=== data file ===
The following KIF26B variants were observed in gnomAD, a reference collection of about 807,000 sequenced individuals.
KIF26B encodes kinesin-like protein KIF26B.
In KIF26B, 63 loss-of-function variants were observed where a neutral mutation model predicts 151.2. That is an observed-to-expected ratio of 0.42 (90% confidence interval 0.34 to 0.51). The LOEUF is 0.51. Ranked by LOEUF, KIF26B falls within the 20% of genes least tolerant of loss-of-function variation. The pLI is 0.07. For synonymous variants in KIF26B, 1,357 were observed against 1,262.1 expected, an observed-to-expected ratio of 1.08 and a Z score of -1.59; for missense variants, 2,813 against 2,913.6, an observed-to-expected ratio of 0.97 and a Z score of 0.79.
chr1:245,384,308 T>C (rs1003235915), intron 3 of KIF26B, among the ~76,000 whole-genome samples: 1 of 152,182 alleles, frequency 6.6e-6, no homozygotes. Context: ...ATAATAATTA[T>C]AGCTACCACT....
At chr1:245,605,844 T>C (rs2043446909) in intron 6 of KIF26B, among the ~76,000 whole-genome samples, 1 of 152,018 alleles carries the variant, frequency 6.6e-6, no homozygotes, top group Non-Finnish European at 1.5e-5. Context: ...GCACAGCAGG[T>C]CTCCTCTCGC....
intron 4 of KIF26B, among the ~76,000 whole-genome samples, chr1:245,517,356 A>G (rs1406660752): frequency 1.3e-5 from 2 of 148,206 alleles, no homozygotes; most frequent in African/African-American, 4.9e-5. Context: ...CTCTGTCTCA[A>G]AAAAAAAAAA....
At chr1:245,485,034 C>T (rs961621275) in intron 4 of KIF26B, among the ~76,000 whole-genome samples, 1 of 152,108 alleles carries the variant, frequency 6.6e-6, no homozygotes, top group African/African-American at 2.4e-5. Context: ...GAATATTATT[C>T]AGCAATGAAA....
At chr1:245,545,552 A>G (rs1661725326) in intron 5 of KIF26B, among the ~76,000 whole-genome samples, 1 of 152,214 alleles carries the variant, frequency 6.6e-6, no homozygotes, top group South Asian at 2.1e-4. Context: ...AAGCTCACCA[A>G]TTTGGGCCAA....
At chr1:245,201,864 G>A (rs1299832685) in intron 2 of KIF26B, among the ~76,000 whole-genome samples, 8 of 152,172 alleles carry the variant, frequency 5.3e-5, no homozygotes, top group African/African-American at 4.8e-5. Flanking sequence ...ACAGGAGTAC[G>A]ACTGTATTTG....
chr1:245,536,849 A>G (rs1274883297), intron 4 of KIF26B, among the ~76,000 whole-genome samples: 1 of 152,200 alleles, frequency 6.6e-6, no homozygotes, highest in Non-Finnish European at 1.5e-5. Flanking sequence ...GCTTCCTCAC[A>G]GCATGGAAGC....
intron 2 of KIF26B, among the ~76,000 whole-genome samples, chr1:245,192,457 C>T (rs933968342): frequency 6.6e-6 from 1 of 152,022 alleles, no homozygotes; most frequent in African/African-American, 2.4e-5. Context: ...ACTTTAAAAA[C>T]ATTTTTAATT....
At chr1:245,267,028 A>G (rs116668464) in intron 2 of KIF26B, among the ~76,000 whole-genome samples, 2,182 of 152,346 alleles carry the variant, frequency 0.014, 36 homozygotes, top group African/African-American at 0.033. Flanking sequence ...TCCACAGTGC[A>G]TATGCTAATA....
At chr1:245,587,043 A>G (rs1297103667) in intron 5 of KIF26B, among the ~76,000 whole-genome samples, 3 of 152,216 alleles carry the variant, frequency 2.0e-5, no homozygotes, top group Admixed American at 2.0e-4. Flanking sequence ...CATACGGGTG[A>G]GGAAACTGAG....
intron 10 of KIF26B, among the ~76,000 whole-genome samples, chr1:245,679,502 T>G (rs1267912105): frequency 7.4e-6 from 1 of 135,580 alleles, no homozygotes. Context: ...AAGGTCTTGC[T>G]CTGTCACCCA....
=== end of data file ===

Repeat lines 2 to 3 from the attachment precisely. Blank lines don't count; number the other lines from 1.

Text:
KIF26B encodes kinesin-like protein KIF26B.
In KIF26B, 63 loss-of-function variants were observed where a neutral mutation model predicts 151.2. That is an observed-to-expected ratio of 0.42 (90% confidence interval 0.34 to 0.51). The LOEUF is 0.51. Ranked by LOEUF, KIF26B falls within the 20% of genes least tolerant of loss-of-function variation. The pLI is 0.07. For synonymous variants in KIF26B, 1,357 were observed against 1,262.1 expected, an observed-to-expected ratio of 1.08 and a Z score of -1.59; for missense variants, 2,813 against 2,913.6, an observed-to-expected ratio of 0.97 and a Z score of 0.79.